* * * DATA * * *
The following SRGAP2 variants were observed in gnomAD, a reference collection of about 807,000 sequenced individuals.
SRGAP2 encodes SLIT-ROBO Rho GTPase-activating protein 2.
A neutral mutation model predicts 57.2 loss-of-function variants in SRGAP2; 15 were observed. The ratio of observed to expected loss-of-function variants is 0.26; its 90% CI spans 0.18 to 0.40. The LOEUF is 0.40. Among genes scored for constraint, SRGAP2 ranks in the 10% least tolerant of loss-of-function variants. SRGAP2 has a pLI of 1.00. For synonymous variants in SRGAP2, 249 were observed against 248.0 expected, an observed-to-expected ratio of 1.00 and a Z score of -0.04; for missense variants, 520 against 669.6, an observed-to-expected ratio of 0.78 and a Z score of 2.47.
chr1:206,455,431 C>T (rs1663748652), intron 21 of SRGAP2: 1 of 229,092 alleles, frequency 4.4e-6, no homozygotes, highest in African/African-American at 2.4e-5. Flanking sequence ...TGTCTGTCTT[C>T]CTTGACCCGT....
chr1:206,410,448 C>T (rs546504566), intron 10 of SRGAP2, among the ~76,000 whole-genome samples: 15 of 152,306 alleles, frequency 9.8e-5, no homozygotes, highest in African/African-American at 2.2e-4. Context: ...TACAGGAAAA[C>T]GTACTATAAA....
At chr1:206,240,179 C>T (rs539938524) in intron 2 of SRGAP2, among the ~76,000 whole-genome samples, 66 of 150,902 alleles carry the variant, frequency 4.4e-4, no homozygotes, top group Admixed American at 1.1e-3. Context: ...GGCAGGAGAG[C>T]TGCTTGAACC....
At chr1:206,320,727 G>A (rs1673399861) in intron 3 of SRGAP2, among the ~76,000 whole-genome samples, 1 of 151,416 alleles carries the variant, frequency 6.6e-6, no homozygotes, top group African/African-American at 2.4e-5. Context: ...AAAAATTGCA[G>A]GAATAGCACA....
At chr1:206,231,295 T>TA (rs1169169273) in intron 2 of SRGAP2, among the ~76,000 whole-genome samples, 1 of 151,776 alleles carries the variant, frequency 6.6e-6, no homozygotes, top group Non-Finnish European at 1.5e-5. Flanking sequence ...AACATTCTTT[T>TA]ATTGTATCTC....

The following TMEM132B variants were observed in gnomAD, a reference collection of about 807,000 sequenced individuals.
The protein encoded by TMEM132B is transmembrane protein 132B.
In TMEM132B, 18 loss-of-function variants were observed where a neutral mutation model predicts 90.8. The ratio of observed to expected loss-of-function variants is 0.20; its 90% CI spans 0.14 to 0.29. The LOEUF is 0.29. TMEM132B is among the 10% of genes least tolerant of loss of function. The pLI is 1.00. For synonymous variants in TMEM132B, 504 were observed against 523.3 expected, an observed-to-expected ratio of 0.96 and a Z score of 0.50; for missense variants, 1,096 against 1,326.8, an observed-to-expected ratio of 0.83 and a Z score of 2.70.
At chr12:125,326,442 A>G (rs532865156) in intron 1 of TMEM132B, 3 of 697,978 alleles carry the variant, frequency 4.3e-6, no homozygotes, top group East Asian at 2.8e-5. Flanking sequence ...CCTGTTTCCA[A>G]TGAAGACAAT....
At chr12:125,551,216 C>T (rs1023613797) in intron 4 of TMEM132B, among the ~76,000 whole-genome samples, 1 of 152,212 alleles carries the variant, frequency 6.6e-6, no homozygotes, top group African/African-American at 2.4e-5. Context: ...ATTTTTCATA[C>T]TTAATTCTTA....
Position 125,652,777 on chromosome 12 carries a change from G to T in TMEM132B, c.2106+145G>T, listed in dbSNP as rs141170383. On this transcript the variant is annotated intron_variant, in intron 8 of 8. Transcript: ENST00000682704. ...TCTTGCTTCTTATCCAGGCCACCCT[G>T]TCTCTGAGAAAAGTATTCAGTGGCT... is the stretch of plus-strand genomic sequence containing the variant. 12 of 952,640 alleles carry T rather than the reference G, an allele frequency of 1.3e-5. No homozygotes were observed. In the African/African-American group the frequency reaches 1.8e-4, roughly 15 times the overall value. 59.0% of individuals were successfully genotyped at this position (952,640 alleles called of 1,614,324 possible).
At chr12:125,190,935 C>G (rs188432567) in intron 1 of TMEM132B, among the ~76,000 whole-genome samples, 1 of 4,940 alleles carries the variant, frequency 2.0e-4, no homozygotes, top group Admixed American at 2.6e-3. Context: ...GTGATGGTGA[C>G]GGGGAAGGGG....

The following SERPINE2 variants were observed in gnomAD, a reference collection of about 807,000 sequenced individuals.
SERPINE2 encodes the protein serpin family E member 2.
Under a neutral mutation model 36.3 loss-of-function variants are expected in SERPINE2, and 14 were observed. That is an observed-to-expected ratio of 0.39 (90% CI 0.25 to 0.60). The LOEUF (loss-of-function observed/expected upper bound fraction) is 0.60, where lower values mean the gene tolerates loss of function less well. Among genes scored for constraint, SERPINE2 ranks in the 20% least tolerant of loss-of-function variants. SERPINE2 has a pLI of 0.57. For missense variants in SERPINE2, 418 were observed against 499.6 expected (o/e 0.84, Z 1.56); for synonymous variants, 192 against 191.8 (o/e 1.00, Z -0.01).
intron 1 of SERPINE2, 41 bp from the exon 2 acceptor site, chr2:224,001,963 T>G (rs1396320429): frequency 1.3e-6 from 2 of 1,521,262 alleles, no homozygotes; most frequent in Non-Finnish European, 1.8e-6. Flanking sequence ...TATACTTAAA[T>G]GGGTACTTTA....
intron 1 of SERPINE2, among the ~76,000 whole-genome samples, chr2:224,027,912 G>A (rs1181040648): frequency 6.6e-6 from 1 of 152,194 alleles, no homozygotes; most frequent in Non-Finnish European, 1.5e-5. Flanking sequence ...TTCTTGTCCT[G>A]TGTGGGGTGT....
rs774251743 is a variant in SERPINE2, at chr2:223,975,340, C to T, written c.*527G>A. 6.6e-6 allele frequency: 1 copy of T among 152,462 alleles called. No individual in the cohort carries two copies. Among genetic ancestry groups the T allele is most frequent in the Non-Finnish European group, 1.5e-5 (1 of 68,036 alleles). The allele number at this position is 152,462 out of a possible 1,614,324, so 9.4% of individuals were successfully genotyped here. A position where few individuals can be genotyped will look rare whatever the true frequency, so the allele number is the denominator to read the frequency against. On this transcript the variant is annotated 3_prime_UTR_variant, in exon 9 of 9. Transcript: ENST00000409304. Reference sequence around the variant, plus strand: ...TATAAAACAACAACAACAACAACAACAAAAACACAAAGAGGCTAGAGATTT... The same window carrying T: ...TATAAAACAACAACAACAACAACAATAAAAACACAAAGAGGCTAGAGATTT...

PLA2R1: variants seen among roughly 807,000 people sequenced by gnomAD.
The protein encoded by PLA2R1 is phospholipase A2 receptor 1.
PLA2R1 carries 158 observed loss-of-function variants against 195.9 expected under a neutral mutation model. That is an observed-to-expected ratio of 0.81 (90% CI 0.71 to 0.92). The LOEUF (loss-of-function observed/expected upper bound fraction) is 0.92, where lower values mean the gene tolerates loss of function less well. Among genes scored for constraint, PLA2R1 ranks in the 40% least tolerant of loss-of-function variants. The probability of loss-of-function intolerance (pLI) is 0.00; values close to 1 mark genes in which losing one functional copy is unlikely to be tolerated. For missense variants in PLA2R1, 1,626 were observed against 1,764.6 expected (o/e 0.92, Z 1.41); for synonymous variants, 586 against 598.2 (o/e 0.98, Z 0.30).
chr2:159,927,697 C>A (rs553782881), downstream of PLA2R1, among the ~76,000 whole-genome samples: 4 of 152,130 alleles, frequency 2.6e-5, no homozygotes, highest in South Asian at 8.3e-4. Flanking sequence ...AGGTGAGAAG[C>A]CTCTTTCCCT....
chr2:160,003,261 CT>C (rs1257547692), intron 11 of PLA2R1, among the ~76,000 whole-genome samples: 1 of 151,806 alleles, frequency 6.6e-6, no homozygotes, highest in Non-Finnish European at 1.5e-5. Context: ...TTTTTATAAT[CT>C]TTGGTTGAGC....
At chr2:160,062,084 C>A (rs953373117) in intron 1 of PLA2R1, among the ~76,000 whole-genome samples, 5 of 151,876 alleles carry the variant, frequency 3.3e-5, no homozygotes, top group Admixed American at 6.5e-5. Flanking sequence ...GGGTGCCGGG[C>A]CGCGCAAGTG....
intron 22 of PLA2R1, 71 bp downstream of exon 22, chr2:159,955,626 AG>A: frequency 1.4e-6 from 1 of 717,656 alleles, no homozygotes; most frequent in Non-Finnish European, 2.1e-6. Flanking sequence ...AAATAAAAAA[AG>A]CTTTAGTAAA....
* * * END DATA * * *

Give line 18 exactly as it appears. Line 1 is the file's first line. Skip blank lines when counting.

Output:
Under a neutral mutation model 36.3 loss-of-function variants are expected in SERPINE2, and 14 were observed. That is an observed-to-expected ratio of 0.39 (90% CI 0.25 to 0.60). The LOEUF (loss-of-function observed/expected upper bound fraction) is 0.60, where lower values mean the gene tolerates loss of function less well. Among genes scored for constraint, SERPINE2 ranks in the 20% least tolerant of loss-of-function variants. SERPINE2 has a pLI of 0.57. For missense variants in SERPINE2, 418 were observed against 499.6 expected (o/e 0.84, Z 1.56); for synonymous variants, 192 against 191.8 (o/e 1.00, Z -0.01).